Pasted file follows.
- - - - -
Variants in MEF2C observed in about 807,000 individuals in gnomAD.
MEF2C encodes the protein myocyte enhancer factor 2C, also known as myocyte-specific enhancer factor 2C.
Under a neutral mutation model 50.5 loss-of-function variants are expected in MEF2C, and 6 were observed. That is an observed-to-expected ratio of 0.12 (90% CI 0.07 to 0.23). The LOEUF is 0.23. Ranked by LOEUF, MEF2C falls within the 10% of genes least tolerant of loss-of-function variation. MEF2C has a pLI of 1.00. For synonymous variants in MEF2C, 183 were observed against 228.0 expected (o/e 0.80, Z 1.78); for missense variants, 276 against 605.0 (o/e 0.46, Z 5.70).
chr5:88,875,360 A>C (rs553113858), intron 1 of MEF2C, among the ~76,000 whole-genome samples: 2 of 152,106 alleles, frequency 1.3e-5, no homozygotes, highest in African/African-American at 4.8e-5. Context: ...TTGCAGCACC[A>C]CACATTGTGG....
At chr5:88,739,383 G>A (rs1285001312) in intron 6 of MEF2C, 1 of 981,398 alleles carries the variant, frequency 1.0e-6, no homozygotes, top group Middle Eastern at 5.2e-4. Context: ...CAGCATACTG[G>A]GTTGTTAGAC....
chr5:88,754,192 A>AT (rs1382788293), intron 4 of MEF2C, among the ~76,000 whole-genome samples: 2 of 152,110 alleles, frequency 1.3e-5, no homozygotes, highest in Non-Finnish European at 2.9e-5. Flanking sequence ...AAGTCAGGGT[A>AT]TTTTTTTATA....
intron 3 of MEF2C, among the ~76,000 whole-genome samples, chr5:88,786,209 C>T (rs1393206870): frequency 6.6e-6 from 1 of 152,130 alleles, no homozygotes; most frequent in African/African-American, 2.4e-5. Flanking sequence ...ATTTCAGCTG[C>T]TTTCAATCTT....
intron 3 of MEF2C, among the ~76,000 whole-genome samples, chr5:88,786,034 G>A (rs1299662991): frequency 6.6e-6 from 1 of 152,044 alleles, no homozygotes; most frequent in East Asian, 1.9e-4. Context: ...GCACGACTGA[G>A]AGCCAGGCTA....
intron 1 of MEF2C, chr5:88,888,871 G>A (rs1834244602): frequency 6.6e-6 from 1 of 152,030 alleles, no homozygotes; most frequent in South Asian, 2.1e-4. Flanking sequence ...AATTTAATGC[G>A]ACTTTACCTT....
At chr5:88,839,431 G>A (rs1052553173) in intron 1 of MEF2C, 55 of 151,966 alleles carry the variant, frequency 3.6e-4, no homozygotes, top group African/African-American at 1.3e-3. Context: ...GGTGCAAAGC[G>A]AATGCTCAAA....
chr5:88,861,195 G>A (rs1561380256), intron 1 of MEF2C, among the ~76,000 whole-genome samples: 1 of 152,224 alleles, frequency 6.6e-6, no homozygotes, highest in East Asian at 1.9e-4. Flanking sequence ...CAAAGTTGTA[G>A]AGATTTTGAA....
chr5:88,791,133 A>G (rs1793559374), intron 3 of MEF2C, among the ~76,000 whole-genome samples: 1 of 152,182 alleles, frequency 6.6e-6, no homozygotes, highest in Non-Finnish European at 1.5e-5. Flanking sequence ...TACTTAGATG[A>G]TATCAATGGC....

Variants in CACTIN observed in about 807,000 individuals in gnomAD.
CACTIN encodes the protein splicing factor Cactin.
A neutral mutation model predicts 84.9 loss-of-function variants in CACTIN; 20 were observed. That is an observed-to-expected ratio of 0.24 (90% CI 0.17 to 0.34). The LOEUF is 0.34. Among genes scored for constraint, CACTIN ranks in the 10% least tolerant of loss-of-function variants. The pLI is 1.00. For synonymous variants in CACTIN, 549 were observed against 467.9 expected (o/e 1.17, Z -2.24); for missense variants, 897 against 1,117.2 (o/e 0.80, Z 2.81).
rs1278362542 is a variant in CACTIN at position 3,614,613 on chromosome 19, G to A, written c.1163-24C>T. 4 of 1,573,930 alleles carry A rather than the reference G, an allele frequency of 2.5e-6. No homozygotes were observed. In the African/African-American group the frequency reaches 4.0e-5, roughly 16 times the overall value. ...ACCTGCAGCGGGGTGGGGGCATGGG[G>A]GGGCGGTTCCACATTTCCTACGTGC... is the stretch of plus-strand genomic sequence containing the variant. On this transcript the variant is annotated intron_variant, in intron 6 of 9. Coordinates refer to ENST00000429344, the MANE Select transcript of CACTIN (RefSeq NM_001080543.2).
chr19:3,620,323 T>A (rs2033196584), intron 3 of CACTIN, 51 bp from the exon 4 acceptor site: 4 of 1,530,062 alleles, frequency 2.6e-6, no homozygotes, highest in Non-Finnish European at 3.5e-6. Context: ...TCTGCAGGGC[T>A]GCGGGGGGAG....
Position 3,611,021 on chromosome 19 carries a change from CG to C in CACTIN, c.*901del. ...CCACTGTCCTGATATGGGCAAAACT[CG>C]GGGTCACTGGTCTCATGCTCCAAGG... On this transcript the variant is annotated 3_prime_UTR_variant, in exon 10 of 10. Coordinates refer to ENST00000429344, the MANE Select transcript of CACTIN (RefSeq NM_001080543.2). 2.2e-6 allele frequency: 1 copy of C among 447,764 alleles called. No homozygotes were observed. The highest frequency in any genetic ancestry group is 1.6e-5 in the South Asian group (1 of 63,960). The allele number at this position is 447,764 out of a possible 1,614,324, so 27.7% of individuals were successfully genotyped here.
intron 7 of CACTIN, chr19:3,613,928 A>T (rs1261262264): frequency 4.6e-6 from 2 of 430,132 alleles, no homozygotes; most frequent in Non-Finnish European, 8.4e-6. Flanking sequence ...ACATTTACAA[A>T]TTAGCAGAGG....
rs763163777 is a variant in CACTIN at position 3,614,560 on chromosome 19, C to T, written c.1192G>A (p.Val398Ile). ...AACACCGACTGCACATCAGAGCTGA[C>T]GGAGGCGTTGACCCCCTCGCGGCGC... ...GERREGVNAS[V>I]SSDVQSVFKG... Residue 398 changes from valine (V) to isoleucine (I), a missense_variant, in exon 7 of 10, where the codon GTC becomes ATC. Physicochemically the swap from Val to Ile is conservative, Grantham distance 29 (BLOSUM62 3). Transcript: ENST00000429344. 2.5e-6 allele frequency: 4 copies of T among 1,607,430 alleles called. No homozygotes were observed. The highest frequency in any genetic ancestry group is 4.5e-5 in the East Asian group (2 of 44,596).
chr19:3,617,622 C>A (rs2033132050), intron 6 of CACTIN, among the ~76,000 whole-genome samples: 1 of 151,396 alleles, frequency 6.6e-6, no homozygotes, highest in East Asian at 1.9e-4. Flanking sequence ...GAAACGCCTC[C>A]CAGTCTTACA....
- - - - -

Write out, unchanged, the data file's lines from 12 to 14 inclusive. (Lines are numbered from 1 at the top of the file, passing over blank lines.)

chr5:88,791,133 A>G (rs1793559374), intron 3 of MEF2C, among the ~76,000 whole-genome samples: 1 of 152,182 alleles, frequency 6.6e-6, no homozygotes, highest in Non-Finnish European at 1.5e-5. Flanking sequence ...TACTTAGATG[A>G]TATCAATGGC....

Variants in CACTIN observed in about 807,000 individuals in gnomAD.
CACTIN encodes the protein splicing factor Cactin.